Here is a sneak preview of an article featured in our annual Alaska Native special section, available in our upcoming September 2020 issue.
“If a helicopter company gets a call, it means they can’t use anything else,” says Ely Woods, general manager of ROTAK Helicopter Services, based out of Anchorage. “We can fit into smaller sites and we have vertical takeoff and landing capabilities—airplanes can’t go where helicopters can.”
Alaska’s Department of Transportation and Public Facilities (DOT&PF) has established Safety Corridors in areas with a higher than average incidence of fatal and serious injury crashes.
There are a lot of reasons to build with reclaimed materials, from lower costs to decreased environmental impact to the fact that they can be used to truly customize a project.
What do Oklahoma City; Cleveland; Cincinnati; Boise, Idaho; and Bend, Oregon have in common? Visitors to these cities—and the people who live in them—are benefitting from the fact that their downtown areas have undergone a revitalization, attracting businesses, tax dollars, and tourists that contribute to the area’s overall economy.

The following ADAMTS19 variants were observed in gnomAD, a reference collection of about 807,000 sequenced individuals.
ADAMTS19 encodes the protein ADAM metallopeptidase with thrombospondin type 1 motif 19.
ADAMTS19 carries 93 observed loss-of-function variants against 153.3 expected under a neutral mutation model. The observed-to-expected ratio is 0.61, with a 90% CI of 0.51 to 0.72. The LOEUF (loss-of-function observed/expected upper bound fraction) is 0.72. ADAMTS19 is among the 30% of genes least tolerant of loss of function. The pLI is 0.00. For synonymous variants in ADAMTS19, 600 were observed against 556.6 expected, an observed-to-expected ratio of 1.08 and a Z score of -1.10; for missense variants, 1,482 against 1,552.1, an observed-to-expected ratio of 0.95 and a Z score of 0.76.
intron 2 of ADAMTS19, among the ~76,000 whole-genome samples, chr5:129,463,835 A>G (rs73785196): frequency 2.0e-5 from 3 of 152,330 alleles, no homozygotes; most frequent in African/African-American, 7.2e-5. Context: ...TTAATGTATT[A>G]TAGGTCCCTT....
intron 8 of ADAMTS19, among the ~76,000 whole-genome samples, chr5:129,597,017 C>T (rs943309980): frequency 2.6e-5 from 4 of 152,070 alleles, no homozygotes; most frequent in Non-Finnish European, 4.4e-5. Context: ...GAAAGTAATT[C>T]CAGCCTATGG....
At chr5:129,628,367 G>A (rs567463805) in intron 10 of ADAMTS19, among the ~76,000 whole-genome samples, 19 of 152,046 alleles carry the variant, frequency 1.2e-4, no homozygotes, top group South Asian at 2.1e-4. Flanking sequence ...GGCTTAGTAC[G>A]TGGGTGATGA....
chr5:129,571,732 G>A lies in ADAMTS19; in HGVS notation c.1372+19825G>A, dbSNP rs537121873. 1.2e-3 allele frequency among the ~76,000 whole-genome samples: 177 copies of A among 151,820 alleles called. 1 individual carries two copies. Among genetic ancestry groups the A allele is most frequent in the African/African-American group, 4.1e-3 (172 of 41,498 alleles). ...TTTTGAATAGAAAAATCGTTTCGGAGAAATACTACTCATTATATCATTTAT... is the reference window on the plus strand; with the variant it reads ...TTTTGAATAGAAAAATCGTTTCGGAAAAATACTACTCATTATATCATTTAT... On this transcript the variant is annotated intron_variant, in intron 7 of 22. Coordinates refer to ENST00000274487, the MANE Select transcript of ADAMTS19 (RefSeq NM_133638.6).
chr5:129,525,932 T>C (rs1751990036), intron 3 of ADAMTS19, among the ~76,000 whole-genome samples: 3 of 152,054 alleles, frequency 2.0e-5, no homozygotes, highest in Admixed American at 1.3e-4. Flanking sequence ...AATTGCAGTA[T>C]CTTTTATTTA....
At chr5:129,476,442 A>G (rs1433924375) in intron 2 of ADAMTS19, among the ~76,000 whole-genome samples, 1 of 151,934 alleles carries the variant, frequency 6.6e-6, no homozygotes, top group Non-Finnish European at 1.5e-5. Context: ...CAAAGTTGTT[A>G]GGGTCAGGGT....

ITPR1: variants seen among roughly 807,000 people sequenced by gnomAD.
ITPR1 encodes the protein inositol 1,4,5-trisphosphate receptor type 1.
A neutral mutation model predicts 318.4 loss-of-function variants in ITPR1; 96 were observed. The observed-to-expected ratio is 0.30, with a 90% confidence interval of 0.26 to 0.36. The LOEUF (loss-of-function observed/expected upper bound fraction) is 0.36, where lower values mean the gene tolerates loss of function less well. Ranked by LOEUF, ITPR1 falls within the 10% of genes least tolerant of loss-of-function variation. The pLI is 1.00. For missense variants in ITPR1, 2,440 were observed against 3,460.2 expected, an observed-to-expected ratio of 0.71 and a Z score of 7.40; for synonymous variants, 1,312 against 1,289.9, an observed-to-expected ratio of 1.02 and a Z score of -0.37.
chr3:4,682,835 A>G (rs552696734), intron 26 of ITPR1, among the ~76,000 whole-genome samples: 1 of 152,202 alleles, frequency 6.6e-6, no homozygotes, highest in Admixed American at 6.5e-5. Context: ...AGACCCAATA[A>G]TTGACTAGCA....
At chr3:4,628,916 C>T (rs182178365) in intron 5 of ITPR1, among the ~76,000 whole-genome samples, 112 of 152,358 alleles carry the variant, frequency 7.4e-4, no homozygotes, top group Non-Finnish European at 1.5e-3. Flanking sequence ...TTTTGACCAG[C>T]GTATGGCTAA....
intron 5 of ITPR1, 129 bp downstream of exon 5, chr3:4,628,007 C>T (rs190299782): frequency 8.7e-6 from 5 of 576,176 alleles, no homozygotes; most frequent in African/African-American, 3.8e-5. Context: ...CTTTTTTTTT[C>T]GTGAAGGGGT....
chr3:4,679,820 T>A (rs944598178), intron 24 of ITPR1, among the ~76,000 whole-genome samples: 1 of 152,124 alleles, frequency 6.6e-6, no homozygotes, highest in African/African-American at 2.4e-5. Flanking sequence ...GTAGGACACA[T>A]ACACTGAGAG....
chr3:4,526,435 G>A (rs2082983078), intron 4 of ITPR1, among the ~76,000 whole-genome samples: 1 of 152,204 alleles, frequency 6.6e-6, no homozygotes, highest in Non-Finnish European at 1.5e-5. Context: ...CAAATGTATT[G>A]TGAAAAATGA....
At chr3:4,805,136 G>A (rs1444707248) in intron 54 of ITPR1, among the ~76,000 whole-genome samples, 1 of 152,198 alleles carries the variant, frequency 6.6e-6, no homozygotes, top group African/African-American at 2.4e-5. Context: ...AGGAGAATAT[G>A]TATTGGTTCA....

Nowhere is this love of snowmachining more obvious than during the Iron Dog, when seventy-two riders set off across the state in one of the longest and most challenging snowmachine races in the world.
Snowmachining in Alaska is huge. Nowhere is this love of the sport more obvious than during the Iron Dog, when seventy-two riders set off across the state in one of the longest and most challenging snowmachine races in the world. In addition to the main event, the race has also spawned trade and safety expos, ceremonial starts, halfway and final banquets, and other events that attract even more people to spend time and money on the sport.
The good news is that the majority of construction projects that take place in the 49th State are financed by federal funds; the bad news is that the state’s general fund, which is used to provide matching money to move these projects forward, has been reduced.
Considering that many of the state’s students will stay in Alaska and work for local companies after graduation, it makes good business sense for these organizations to take part in the learning process.
There’s no doubt that cleaning up Alaska’s contaminated soil is good for the environment. But perhaps what’s even more interesting is that the process, and the resulting recycled materials, lessen the effects of air and water pollution and contribute to a more pristine state.